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I thought I should prefer list when the sequence is processed sequentially, and prefer array if I need to access elements randomly.

So, I write a few lines of code to confirm my thoughts. First, I wrote a function to test point multiple. And it shows It runs quicker in list.

But then I tried sort function. Since sort function need to access elements randomly, I expect It will run faster in array. But the result is opposite.

(defun test-performance-map-mapcar ()
  (let* ((lst (generate-random 1000000))
     (arr (lst-to-arr lst)))
    (time (atom (sort lst #'>)))
    (time (atom (sort arr #'>)))))

So, is it sort function applies some sort of algorithm to adapt to list or list is really far more efficient then array in lisp?

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2  
What's the sort algorithm then? Generally, mergesort is easier to implement efficiently on linked lists than on arrays. –  millimoose Oct 21 '12 at 23:51
    
Also, arrays (arraylists) are no slower at sequential access than lists. (Probably faster because of locality of reference.) What they're slower at are insertions and deletions. Linked lists are the better choice in far fewer use cases than Algorithms 101 would have you believe. –  millimoose Oct 21 '12 at 23:54
    
@millimoose Indeed, this is why deques are (in general) better than linked lists for use as queues or the like. –  Chris Jester-Young Oct 21 '12 at 23:59
    
@ChrisJester-Young: I might be confused, but aren't deques the same as doubly-linked lists? Same basic performance characteristics. (Of course, singly linked lists are terrible at queues.) –  millimoose Oct 22 '12 at 0:19
3  
Is it? Lisp has multitudes of implementations on widely different computers. You have posted a fragment of some code, but not an indication of actual results, which Lisp or which computer type. –  Rainer Joswig Oct 22 '12 at 5:35

2 Answers 2

I can't reproduce it.

Sorting vectors of random numbers is faster than sorting lists of random numbers in LispWorks.

(defun test ()
  (let* ((list (loop repeat 10000000 collect (random 1000000)))
         (vector (coerce list 'vector)))
    (time (sort list #'>))
    (time (sort vector #'>))
    (values)))

Example:

CL-USER 9 > (test)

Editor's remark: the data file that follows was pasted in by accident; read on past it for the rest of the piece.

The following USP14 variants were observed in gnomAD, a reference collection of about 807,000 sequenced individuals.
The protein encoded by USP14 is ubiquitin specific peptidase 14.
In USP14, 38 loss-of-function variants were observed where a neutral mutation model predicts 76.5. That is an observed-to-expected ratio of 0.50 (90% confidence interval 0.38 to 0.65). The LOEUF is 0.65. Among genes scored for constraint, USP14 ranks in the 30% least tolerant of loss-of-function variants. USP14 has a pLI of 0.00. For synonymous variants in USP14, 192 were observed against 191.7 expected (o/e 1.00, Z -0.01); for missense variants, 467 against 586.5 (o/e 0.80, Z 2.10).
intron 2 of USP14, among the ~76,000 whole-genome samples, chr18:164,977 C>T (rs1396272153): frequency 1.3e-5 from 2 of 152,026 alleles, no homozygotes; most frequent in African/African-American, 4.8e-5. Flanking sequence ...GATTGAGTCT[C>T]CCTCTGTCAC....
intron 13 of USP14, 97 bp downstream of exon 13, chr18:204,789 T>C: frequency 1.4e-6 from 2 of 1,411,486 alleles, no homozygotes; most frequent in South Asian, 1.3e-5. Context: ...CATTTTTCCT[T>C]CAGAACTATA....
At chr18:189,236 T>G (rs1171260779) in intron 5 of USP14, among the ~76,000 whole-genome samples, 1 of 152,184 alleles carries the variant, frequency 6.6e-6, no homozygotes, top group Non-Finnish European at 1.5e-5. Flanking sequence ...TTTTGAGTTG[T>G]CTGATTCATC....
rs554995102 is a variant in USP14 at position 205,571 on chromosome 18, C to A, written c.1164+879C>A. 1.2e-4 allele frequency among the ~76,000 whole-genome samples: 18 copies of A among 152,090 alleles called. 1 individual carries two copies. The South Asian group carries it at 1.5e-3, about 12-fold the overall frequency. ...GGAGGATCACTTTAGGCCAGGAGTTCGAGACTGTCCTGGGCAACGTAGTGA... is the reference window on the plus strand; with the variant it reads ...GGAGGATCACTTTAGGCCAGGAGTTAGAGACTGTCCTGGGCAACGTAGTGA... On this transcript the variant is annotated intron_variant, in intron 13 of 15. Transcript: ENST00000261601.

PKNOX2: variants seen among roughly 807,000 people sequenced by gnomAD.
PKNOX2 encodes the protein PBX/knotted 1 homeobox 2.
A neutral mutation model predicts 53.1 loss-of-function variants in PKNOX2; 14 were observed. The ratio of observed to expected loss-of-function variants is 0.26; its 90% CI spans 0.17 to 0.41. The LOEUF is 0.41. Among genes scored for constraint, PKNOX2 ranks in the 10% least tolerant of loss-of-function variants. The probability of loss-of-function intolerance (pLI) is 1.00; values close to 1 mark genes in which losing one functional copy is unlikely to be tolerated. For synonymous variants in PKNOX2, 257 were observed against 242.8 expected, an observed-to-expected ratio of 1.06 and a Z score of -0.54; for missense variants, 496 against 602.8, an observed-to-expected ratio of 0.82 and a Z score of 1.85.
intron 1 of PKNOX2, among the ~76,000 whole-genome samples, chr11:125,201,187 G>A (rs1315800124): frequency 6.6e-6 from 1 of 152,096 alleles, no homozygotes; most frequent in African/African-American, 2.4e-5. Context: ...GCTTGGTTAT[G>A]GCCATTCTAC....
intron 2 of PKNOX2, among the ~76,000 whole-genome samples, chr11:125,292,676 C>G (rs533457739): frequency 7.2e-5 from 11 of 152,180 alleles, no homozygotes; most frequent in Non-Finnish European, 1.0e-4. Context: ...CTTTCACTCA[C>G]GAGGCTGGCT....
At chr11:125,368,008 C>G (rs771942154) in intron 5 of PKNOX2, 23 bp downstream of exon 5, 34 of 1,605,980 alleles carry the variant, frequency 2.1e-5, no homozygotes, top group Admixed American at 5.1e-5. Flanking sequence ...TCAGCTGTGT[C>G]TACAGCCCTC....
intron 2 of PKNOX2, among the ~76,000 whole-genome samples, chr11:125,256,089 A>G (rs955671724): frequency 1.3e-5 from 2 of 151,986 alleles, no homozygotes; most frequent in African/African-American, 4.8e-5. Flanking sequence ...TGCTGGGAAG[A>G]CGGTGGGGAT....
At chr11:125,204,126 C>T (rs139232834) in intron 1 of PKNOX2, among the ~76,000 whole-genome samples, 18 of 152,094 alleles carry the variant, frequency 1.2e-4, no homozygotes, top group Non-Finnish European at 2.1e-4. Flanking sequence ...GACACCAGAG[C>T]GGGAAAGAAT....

Timing the evaluation of (SORT LIST (FUNCTION >))

User time    =        8.697
System time  =        0.027
Elapsed time =        8.626
Allocation   = 170168 bytes
145 Page faults
Timing the evaluation of (SORT VECTOR (FUNCTION >))

User time    =        5.951
System time  =        0.018
Elapsed time =        5.904
Allocation   = 120512 bytes
86 Page faults

5.951 seconds for a vector vs. 8.697 for a list.

In Common Lisp one-dimensional arrays are exactly vectors. SORT does also not work on other, multi-dimensional, arrays.

CL-USER 10 > (vector 'a 'b 'c)
#(A B C)

CL-USER 11 > (describe *)

#(A B C) is a (SIMPLE-VECTOR 3)
0      A
1      B
2      C

CL-USER 12 > (arrayp **)
T

CL-USER 13 > (typep (vector 'a 'b 'c) '(array symbol (3)))
T

So a vector of three symbols is also a one-dimensional array of length three with element-type SYMBOL.

For my example (Apple Macbook Air with Intel i7 processor):

Implementation   | faster | seconds
-----------------+--------+--------
LispWorks 64bit  | vector |  5.951
Clozure CL 64bit | vector |  6.727
SBCL 1.1 64bit   | list   |  8.890
CLISP            | list   | 42.968
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You have a much faster machine than me; your code ran in 39.352 seconds of real time for the list and 42.882 seconds of real time for the vector under SBCL 1.0.56.0. Shaving a 0 off gave me 2.512 | 3.256 in SBCL, 4.166753 | 4.528902 in CLISP, 3.140 | 2.040 in GCL and 1.958 | 1.689 in ECL. –  Inaimathi Oct 22 '12 at 17:16
    
@Inaimathi: I've added some numbers. –  Rainer Joswig Oct 22 '12 at 17:50

On top of what was already said about arrays vs lists, there isn't such thing as "fastest" sort algorithm. This ultimately depends on what data are you sorting. Some algorithms will perform better on collections containing similar values, while others will perform better on collections that contain nearly sorted values.

In practice, there may be other complications, like, additional conses created during sorting or additional memory allocated during array sorting. Something that would necessitate a call to GC, which might absolutely turn over the tides.

Whenever you have a particular practical problem that requires sorting, you need to consider the circumstances and what kind of data you will be dealing with. For example, sorting of Z-vertices in a 3-dimensional space while rendering animations would probably most benefit from an algorithm that operates on linked lists and nearly sorted data, sorting of the meteorological research data will likely benefit from an algorithm that deals best with previously unsorted mostly unique data. Some particular software can do vectorized insertion sorting which will be many times faster then any single value per operation algorithm, and so on.

Sorting a collection of random numbers is usually a poor indicator of how your code will perform on actual data.

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